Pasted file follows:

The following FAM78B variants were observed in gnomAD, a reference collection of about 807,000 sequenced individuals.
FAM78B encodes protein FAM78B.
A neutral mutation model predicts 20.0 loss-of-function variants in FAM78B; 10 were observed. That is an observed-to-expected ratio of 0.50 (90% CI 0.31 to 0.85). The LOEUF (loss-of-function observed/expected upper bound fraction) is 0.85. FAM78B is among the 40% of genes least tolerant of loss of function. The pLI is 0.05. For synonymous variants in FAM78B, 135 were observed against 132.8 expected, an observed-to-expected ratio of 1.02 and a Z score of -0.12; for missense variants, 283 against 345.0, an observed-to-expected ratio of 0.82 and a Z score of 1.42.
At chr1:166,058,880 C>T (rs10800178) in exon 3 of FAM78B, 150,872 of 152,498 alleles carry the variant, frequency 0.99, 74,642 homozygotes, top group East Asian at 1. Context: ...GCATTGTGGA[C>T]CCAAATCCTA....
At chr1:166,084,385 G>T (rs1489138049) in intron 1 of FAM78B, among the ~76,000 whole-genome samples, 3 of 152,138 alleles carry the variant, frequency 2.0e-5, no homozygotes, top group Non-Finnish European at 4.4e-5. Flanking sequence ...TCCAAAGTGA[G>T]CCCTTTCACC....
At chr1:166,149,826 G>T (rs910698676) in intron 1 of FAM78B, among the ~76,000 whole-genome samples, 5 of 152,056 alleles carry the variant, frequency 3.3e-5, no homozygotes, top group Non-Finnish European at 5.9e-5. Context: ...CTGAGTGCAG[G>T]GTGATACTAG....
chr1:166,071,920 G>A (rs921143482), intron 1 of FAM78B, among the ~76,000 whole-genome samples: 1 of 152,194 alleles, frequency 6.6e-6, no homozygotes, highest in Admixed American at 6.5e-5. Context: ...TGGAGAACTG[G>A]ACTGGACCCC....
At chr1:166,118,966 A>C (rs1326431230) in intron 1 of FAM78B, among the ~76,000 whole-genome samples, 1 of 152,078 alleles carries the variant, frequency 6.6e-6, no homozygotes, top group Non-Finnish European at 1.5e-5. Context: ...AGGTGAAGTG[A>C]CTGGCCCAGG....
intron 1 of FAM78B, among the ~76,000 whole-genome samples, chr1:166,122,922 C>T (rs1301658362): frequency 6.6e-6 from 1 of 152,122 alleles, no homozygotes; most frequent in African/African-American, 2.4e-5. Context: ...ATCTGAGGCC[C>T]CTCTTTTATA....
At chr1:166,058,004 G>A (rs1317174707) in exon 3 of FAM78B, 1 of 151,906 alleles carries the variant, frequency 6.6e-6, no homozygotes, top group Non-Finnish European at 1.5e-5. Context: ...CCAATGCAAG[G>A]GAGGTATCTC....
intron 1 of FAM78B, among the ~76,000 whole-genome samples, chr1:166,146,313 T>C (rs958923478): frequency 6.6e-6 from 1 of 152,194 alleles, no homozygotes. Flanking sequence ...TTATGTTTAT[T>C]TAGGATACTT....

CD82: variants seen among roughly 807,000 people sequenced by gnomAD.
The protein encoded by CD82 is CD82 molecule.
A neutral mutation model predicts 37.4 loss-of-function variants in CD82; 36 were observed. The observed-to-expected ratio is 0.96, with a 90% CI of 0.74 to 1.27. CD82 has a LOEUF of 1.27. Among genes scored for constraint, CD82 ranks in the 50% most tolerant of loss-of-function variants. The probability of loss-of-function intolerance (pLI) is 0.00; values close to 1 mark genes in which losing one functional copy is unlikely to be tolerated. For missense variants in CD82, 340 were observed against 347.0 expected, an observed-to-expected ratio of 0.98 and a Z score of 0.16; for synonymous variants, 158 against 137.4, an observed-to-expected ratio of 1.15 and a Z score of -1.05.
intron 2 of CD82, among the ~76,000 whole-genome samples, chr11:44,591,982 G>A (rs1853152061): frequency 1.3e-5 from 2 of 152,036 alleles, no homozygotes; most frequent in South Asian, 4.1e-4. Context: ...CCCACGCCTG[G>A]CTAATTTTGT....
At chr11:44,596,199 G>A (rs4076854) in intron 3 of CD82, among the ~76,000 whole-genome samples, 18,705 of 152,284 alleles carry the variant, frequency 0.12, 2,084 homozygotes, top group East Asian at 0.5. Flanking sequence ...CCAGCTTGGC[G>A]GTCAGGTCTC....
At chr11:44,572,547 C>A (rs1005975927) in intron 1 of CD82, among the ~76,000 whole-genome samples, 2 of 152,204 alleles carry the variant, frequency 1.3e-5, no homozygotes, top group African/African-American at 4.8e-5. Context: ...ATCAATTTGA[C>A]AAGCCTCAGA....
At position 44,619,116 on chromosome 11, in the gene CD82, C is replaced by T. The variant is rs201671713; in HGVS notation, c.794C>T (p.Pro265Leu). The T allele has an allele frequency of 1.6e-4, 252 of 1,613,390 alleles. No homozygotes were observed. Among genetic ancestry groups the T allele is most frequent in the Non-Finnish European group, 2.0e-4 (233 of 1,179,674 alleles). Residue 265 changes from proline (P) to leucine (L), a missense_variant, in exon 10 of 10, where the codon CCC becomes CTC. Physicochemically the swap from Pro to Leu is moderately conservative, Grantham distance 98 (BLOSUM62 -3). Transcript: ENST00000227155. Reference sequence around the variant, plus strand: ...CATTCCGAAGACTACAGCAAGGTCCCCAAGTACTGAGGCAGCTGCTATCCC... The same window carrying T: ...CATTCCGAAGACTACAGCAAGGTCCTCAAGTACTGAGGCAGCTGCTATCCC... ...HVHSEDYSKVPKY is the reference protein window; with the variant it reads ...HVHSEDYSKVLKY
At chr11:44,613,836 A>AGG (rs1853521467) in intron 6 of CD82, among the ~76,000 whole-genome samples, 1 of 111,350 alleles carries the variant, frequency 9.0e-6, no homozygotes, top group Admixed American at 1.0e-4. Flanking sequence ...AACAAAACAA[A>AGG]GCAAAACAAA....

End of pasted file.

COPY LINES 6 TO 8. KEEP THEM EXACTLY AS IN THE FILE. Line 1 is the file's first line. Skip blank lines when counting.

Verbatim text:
At chr1:166,149,826 G>T (rs910698676) in intron 1 of FAM78B, among the ~76,000 whole-genome samples, 5 of 152,056 alleles carry the variant, frequency 3.3e-5, no homozygotes, top group Non-Finnish European at 5.9e-5. Context: ...CTGAGTGCAG[G>T]GTGATACTAG....
chr1:166,071,920 G>A (rs921143482), intron 1 of FAM78B, among the ~76,000 whole-genome samples: 1 of 152,194 alleles, frequency 6.6e-6, no homozygotes, highest in Admixed American at 6.5e-5. Context: ...TGGAGAACTG[G>A]ACTGGACCCC....
At chr1:166,118,966 A>C (rs1326431230) in intron 1 of FAM78B, among the ~76,000 whole-genome samples, 1 of 152,078 alleles carries the variant, frequency 6.6e-6, no homozygotes, top group Non-Finnish European at 1.5e-5. Context: ...AGGTGAAGTG[A>C]CTGGCCCAGG....